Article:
4

The administrative law judge disposed of the unfair labor practice charges by finding that the respondent had violated 8(a)(1) of the Act in the particulars charged and 8(a)(3) by discharging four employees.3 He concluded, on the basis of these findings, that the respondent should be ordered to bargain with the Union as "the majority representative of all employees in the appropriate unit from and after January 20, 1977, the date on which the Respondent first demonstrated to employees that it had embarked on an unlawful course of conduct." In connection with the representation proceedings, the administrative law judge resolved the various vote challenges entered at the representation election. After resolving the challenges, the administrative law judge recommended in this phase of the proceeding that the ballots of those employees who, although their right to vote had been challenged, were found qualified to vote, should be "opened, counted and that a revised tally of ballots issue," that if "the revised tally of ballots show(ed) that a majority of votes has been cast for the Union, then the Regional Director for Region 11 shall issue a certification of representative," but if "a majority (of) votes has not been cast for the Union, then the election shall be set aside, the Petition in Case No. 11-RC-4300 dismissed and all prior proceedings thereunder vacated."

5

The respondent excepted to the report of the administrative law judge both on his findings of 8(a)(1) and 8(a)(3) violations and on the challenges of the election. The Board, however, affirmed the "rulings, findings, and conclusions" of the administrative law judge and adopted his recommended order save in one particular. The administrative law judge had sustained the respondent's challenge of the ballots of three janitors working in the departments whose employees were within the stipulated bargaining unit. The Board disagreed with this conclusion of the administrative law judge and ordered the ballots of the three janitors counted in tallying the votes in the representation election.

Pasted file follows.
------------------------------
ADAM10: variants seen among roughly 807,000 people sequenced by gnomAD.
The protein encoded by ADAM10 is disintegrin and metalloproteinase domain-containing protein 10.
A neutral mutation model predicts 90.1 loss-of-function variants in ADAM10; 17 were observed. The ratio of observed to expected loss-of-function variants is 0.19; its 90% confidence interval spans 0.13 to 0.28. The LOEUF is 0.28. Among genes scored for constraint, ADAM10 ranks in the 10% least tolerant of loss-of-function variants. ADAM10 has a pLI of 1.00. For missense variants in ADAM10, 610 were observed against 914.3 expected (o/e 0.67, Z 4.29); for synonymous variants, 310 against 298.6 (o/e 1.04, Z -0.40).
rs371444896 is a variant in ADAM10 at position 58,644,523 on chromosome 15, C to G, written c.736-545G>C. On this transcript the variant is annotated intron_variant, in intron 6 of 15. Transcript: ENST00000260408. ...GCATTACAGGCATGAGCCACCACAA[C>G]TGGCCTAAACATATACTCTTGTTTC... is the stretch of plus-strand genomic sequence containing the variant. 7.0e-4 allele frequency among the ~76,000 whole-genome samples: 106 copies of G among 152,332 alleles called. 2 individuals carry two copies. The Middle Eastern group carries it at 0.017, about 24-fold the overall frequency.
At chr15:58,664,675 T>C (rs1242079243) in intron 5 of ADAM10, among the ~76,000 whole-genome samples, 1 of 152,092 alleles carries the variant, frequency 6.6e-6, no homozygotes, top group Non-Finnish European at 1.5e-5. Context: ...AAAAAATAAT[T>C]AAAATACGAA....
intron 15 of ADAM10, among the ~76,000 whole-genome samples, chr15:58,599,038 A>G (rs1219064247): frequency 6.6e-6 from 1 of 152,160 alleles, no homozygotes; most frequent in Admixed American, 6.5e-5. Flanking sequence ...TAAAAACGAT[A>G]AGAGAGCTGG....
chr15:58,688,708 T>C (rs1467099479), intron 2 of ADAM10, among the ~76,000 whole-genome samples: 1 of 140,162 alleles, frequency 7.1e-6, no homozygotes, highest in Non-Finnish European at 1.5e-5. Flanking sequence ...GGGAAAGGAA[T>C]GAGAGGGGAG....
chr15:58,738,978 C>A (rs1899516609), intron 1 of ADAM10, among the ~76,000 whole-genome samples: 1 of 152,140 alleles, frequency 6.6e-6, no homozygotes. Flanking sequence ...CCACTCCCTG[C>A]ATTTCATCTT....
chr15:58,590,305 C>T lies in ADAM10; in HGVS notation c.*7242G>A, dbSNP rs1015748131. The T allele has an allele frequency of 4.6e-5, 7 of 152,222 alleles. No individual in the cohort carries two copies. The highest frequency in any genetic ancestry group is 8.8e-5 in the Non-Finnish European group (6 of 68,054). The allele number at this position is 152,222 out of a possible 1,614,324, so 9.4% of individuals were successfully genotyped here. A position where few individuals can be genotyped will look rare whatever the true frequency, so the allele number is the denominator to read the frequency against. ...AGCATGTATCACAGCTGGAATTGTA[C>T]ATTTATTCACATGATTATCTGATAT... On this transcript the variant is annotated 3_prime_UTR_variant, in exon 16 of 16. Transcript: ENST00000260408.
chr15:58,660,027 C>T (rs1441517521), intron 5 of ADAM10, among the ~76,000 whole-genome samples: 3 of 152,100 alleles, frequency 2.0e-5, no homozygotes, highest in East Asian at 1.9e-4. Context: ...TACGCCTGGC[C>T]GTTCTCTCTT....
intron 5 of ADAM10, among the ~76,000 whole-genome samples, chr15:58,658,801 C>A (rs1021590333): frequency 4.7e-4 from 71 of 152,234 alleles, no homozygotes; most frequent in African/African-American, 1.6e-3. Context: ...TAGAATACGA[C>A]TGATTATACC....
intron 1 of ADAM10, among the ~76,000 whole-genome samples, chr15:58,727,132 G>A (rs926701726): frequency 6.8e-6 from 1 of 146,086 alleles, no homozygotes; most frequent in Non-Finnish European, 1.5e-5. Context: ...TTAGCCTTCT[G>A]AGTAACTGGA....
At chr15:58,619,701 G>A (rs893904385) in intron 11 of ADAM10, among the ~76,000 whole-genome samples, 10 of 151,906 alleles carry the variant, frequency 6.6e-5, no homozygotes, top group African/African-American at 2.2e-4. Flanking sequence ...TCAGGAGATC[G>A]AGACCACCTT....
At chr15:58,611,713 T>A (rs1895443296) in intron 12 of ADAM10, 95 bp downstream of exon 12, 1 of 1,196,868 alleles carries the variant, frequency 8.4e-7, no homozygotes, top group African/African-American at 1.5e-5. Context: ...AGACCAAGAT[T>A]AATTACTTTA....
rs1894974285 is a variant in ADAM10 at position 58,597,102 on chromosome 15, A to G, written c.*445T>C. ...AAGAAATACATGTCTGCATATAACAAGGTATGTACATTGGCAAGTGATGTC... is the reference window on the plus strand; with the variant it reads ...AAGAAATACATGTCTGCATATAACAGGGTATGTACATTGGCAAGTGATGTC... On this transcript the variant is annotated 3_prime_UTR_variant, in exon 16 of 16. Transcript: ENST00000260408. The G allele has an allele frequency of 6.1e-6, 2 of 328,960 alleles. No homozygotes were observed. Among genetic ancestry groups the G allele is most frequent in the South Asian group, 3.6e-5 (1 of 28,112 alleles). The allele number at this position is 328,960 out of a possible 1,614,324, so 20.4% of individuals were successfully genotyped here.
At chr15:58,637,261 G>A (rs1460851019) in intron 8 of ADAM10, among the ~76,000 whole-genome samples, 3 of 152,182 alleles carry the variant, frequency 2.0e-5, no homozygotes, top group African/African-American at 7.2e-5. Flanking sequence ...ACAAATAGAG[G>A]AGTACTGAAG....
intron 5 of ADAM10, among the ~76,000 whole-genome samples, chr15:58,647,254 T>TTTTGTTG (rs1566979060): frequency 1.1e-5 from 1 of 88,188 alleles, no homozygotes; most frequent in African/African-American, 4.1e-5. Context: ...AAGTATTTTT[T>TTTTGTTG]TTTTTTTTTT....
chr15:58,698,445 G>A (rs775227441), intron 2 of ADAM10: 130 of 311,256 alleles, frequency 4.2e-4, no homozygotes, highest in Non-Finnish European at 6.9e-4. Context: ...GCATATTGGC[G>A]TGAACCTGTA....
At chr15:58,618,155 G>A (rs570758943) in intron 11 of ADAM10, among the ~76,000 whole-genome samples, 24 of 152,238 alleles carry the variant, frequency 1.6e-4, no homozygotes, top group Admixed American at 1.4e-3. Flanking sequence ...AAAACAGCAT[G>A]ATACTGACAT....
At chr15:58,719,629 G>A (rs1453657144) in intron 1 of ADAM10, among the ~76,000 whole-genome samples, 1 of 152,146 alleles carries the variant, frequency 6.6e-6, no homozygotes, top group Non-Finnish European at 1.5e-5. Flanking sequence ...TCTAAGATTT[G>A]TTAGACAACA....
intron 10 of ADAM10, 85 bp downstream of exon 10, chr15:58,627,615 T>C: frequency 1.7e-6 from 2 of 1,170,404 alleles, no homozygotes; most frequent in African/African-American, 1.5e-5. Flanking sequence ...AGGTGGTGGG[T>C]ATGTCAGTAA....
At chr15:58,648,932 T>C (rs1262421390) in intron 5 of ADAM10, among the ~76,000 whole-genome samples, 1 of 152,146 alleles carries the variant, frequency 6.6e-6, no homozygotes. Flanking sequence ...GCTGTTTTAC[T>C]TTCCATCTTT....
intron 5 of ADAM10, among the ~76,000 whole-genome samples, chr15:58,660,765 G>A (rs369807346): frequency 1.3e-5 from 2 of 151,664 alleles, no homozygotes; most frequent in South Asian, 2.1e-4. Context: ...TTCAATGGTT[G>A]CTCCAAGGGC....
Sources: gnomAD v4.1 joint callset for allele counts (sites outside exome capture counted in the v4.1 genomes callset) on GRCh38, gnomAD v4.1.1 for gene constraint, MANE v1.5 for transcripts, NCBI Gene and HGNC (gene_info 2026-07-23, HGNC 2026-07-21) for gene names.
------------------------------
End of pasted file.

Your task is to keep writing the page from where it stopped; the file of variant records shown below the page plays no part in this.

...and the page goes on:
6

The Board has petitioned this Court to enforce its consolidated order in the two proceedings. We enforce in part, deny in part, and delay in part enforcement. We find substantial evidence to support the Board's findings of violations of 8(a)(1) by the respondent. However, we do not find the evidence in the record sufficient to support the Board's findings of discriminatory discharges in violation of 8(a)(3). Neither did the Board have a sufficient factual basis for the issuance of a bargaining order. Finally, we find the resolutions of the challenges to votes at the representation election on February 25 by the Board fully supported by substantial evidence. In summary, we enforce the Board's cease and desist orders relating to the respondent's 8(a)(1) violations and uphold its decision on the challenged votes at the representation election, but we refuse to enforce the Board's order of reinstatement of employees Emory Gilley, David Bartlett, Pearson Junior Baines, and David Gillespie, and we remand the order providing for a bargaining order for consideration in the light of the results of the representation election.

7